Longevity logo

Longevity tips and AI startups

by Marina T Alamanou 2 months ago in aging · updated 2 months ago

Getting Older with Artificial Intelligence

Longevity tips and AI startups
Photo by Michael Dziedzic on Unsplash


Aging (spelled ageing in British English) is the process of becoming older, that involves a series of functional changes that appear over time and are not the result of illness or accident, but occur as a consequence of accumulating disorders in the body’s structure and functions. It is an unpreventable chronological, social and biological process and is genetically determined and environmentally modulated. Let's see now how aging and life expectancy are affected.

In the case of mammals, life expectancy varies hugely and it ranges from 3–4 years in small rodents to as long as 150–200 years in bowhead whales. As for us humans, we can potentially live for one hundred and twenty years, and just now an international research team has identified more than 2,000 new genes linked to longevity in humans (linked to DNA repair, coagulation and inflammatory response) during an evolutionary comparative genomic study that included 57 species of mammals.

As a matter of fact, different people or different cultures, age at different rates and some tend to age more gracefully than others simply because of their genes and their environment.

But aging is also about time and time perception. Time perception is a construction of the brain. How fast we perceive time to be passing - or mind time - can be manipulated or distorted, and five minutes can be perceived as eternity or just seconds depending on how we feel. 

But what is time?

Time is the indefinite continued progress of existence and events that occur in an apparently irreversible succession from the past, through the present, to the future.

But, while most people think of time as a constant, physicist Albert Einstein showed that time is an illusion. Also according to theoretical physicist Carlo Rovelli, passing time is an illusion: our naive perception of its flow doesn’t correspond to the physical reality. Basically, more and more physicists believe that past, present and future coexist.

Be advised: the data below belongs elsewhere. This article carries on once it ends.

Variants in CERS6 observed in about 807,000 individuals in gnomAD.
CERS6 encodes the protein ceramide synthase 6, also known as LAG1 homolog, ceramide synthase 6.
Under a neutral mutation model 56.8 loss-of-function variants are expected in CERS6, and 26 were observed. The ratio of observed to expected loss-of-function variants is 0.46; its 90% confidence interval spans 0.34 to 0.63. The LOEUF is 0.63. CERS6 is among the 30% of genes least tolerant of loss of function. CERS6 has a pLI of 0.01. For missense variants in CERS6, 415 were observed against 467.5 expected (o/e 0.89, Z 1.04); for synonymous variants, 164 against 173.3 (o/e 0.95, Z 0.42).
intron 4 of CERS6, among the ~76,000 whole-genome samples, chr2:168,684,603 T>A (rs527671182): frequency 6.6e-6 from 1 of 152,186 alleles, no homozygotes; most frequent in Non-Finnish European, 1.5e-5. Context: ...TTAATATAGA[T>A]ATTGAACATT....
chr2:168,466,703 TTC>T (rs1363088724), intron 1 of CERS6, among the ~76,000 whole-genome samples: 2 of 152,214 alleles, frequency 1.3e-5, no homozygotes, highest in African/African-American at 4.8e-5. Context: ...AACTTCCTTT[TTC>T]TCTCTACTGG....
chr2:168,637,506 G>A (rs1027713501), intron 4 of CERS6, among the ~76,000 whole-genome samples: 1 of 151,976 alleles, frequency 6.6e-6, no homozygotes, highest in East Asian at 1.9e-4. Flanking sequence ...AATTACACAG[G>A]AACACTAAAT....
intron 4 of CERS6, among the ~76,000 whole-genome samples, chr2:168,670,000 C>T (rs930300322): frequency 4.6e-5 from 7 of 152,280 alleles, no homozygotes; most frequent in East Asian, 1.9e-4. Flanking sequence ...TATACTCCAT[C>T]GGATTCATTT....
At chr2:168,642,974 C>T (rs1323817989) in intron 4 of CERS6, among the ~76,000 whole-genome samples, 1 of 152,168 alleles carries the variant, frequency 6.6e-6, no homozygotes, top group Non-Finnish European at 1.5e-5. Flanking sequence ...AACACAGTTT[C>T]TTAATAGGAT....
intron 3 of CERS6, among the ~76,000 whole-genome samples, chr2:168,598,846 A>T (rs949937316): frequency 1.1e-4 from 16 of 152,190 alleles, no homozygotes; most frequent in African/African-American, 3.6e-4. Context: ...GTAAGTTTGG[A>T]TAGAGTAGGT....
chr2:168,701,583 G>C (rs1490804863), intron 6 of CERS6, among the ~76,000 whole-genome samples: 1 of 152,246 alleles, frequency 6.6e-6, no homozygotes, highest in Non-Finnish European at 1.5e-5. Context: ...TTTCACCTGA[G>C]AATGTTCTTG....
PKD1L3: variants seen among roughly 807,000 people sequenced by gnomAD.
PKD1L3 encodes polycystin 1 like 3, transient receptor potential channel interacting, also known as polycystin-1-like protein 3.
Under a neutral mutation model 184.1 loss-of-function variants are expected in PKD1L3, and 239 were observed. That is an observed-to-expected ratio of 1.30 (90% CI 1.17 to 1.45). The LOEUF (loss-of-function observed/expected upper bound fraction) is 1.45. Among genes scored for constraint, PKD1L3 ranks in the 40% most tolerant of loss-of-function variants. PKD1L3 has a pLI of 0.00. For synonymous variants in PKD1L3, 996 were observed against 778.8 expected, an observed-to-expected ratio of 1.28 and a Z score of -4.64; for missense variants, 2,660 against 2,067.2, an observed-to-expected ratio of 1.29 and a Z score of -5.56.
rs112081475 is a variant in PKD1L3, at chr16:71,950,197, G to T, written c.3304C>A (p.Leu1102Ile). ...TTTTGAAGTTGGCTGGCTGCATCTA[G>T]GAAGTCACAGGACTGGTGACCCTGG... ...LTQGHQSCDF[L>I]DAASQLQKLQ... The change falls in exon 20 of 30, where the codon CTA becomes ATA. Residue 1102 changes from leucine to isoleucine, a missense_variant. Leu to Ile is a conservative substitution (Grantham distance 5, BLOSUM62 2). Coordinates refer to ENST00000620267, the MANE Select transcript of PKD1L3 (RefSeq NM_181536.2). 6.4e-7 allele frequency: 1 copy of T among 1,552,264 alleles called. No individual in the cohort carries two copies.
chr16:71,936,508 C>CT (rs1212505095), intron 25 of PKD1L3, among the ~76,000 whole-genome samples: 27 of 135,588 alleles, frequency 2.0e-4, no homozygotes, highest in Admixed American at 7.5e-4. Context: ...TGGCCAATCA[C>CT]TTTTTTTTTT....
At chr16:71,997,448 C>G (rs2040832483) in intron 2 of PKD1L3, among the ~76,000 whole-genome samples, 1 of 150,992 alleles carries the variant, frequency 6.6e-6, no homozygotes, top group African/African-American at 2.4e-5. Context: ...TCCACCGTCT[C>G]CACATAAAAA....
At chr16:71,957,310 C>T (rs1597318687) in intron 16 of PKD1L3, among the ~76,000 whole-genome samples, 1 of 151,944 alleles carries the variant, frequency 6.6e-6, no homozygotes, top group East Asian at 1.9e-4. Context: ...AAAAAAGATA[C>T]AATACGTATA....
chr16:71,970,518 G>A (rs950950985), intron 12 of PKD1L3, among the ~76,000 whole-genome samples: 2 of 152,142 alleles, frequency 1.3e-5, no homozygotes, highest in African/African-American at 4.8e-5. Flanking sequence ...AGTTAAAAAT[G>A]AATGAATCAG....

They believe that “every moment is co-creating every other moment both forward and backward in time”, meaning that the past influences the future and the future influences the past in an endless feedback loop.

So, if

  • “passing time is an illusion”,
  • “time perception is a construction of the brain” and
  • “every moment is co-creating every other moment both forward and backward in time”

can we say that our only way out of this loop is by influencing our “future” with thoughts of longevity (i.e. “Can I live to be 150?”), that would eventually “make” our “future” “accept” a mutation that will change our perception of time or/and that will make us more resistant to oxidative stress…so we can live longer?!?

In the end, it is just a mind game and if you think about it, past, present and future actually do coexist. It is just our brain that defines a chronological order and accepts a life span of 70-85 years as normal.

And as Søren Kierkegaard beautifully stated: 

“If you name me, you negate me. By giving me a name, a label, you negate all the other things I could possibly be”.

Anyway, leaving behind us this endless loop of time (whatever time is) and going back to aging, our chronological age (number of years that have passed since we were born or trips we've made around the sun) can differ significantly from our actual biological age (how well we’ve held up during those trips). In fact, the biological age, regardless of how many years ago we were born, occurs as we gradually accumulate damage to various cells and tissues in our body.

For example last year Deep Longevity - a biotechnology company that came out of stealth from Insilico Medicine - anounced that it has developed a new AI system that can predict an individual’s biological age more accurately than conventional methods. Deep Longevity’s team invented the industry’s first-ever aging clock using deep neural networks, by analysing millions of anonymised samples from multiple data types - from blood biochemistry, cell count, protein-coding genes to gut bacteria - and identified aging-related biomarkers for diseases like diabetes, sarcopenia and Nonalcoholic fatty liver disease (Via BusinessWire).